In the middle of the talk about jaunts to Paris and other-other-Benzes on Watch the Throne, Jay Z dropped a line attempting to show connections between generations of black activism. "I arrived on the day Fred Hampton died," he rapped on "Murder to Excellence." "Real niggas just multiply."

And, per Hov's insistence on #SuperFacts, the math checks out. Jay's born day—December 4, 1969—was the day when Black Panther Party deputy chairman Fred Hampton, as well as fellow Panther Mark Clark, were murdered by a coalition of the FBI and Chicago police.

The circumstances surrounding the murder are horrifying. A raid was being planned on Hampton's apartment, ostensibly to find weapons, but really to kill him. Hampton was drugged with secobarbitol by an FBI informant who was the Panthers chief of security (and who was paid $300 for his role in the murder). The BPP leader was shot while in bed with his fiancé Deborah Johnson, who was eight-and-a-half months pregnant at the time. Here are Johnson's memories of the early-morning raid, via an interview with Democracy Now:

Someone came into the room, started shaking the chairman, said, “Chairman, Chairman, wake up. The pigs are vamping.” Still half asleep, I looked up, and I saw bullets coming from, it looked like, the front of the apartment, from the kitchen area. They were—pigs were just shooting.

And about this time, I jumped on top of the chairman. He looked up. Looked like all the pigs had converged at the entranceway to the bedroom area, back bedroom area. The mattress was just going—you could feel bullets going into it. I just knew we’d be dead, everybody in there. When he looked up, just looked up, he didn’t say a word. He didn’t move, except for moving his head up. He laid his head back down, to the side like that. He never said a word. He never got up off the bed.  

The person who was in the room, he kept hollering, “Stop shooting! Stop shooting! We have a pregnant woman, a pregnant sister in here!” At the time I was eight-and-a-half, nine months pregnant. My baby was to be delivered in two weeks. Pigs kept on shooting. So I kept on hollering out. Finally, they stopped. 

They pushed me and the other brother by the kitchen door and told us to face the wall. Heard a pig say, “He’s barely alive. He’ll barely make it.” I assumed they were talking about Chairman Fred. Then they started shooting. The pigs, they started shooting again. I heard a sister scream. They stopped shooting. Pig said, “He’s good and dead now.” The pigs were running around laughing. They was really happy, you know, talking about Chairman Fred is dead. I never saw Chairman Fred again.

A federal investigation would later show that the cops fired around 90 shots, while the Panthers shot just once. Cook County State's Attorney Edward V. Hanrahan, involved in planning the raid—and who, not coincidentally, was a frequent target of Hampton's criticism—was indicted, as were 13 cops. All were acquitted, in a pattern that sadly continues today.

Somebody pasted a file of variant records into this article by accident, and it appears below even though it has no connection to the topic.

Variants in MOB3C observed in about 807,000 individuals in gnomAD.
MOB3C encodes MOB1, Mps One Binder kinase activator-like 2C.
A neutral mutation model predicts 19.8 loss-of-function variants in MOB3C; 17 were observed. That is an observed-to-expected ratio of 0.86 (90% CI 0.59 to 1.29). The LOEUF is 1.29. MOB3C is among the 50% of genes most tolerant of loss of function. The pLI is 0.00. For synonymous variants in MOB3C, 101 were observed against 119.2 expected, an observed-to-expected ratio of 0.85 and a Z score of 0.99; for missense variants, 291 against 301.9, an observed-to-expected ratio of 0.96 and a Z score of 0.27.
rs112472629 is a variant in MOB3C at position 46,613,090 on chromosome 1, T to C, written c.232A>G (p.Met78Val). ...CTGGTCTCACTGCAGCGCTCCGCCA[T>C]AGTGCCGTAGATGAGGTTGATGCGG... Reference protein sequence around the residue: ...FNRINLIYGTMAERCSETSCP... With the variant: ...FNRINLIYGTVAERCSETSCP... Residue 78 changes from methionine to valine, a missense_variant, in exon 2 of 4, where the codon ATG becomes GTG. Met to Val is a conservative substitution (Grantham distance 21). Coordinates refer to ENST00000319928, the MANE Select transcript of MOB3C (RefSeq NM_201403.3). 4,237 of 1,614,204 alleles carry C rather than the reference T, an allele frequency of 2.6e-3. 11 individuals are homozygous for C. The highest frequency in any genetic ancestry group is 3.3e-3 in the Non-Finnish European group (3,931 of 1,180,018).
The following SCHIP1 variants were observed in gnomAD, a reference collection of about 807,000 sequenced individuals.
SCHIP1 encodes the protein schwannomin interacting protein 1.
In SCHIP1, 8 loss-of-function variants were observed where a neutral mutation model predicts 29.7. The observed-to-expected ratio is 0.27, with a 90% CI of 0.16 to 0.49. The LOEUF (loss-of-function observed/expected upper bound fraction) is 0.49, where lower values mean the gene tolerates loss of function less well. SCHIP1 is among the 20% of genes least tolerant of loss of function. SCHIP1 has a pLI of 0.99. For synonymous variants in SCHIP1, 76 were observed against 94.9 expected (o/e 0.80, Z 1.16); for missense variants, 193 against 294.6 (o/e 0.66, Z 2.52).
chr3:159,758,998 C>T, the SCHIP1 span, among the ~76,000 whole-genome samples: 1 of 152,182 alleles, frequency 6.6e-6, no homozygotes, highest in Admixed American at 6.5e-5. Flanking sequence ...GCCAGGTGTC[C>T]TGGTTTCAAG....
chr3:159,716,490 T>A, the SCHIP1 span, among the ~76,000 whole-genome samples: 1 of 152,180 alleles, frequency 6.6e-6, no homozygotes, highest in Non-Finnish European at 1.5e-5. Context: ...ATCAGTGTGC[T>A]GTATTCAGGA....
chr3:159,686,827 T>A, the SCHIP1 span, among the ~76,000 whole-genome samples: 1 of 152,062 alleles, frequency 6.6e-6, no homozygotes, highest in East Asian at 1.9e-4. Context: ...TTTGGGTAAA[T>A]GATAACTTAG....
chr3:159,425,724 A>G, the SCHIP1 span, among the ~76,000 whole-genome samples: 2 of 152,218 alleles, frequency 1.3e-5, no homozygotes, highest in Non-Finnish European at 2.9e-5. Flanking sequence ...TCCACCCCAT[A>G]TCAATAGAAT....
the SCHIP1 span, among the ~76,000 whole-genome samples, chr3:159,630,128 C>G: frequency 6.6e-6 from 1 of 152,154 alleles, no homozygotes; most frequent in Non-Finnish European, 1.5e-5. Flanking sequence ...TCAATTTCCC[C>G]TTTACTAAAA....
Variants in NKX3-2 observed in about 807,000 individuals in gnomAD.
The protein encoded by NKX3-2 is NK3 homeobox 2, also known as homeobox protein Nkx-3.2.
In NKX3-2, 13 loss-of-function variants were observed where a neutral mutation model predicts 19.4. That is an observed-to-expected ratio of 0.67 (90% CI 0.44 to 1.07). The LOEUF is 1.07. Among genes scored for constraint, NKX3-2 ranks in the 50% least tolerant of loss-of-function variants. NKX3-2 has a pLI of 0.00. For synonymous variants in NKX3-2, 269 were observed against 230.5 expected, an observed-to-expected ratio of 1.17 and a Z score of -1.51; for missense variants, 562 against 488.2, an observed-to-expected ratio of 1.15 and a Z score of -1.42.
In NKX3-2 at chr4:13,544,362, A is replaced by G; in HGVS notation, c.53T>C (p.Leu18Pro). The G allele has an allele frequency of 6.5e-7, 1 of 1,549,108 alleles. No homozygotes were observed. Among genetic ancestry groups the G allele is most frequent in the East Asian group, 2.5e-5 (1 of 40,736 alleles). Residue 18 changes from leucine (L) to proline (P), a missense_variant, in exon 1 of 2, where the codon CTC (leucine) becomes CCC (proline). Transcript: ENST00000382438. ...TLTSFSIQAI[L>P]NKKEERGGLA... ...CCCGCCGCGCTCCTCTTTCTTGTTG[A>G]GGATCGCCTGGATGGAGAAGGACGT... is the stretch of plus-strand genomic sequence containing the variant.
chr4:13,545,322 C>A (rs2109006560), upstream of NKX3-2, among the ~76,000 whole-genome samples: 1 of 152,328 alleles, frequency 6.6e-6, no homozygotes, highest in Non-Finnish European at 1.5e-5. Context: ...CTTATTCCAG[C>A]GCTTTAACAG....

The only reason an investigation happened at all, and that we know the real story of Hampton and Clark's murder, is because of ceaseless agitation in the days following the raid. The police claimed, of course, that there was a shootout, and they were justified in opening fire. But over the next eight years, activists fought to get the real story out. It took until April, 1979, but the Seventh Circuit Court of Appeals ruled that there was "serious evidence" that the FBI and the Chicago PD were part of a "conspiracy designed to subvert and eliminate the Black Panther Party and its members."

Hampton was only 21 (Clark, shot as police entered the apartment, was just a year older), but had already established himself as a prominent voice in the movement for black liberation. One of his primary concerns was with establishing a multi-racial radical front to fight capitalism. He founded the original Rainbow Coalition, well before Jesse Jackson adopted the same name for his efforts. Hampton's Rainbow was a unification of  the Chicago Black Panther Party, Puerto Rican Young Lords, and Poor White Young Patriots Organization. As Hampton phrased it, "We're gonna fight racism not with racism, but we're gonna fight it with solidarity."

The vision of a multi-racial coalition uniting to fight their true oppressors may seem farther away than ever in a world of increasing white supremacy and fragility. But if Hampton and the BPP could unite three disparate radical movements in the face of dogged state repression nearly half a century ago, there's hope that it could happen again. And the long fight for the truth about Hampton's murder to be made public is something to keep in mind as the number of officer-involved shootings, as they are euphemistically called, keeps growing.

So as you're celebrating Jay Z today by blasting "Empire State of Mind" extra-loud, take time to learn about Chairman Fred and his legacy, and remind yourself that victories in the fight for justice are hard-fought, but they do happen. And remember Hampton's admonition about whose purposes racism really serves. "Racism is an excuse used for capitalism," he said in a lecture. "We know that racism is a by-product of capitalism."

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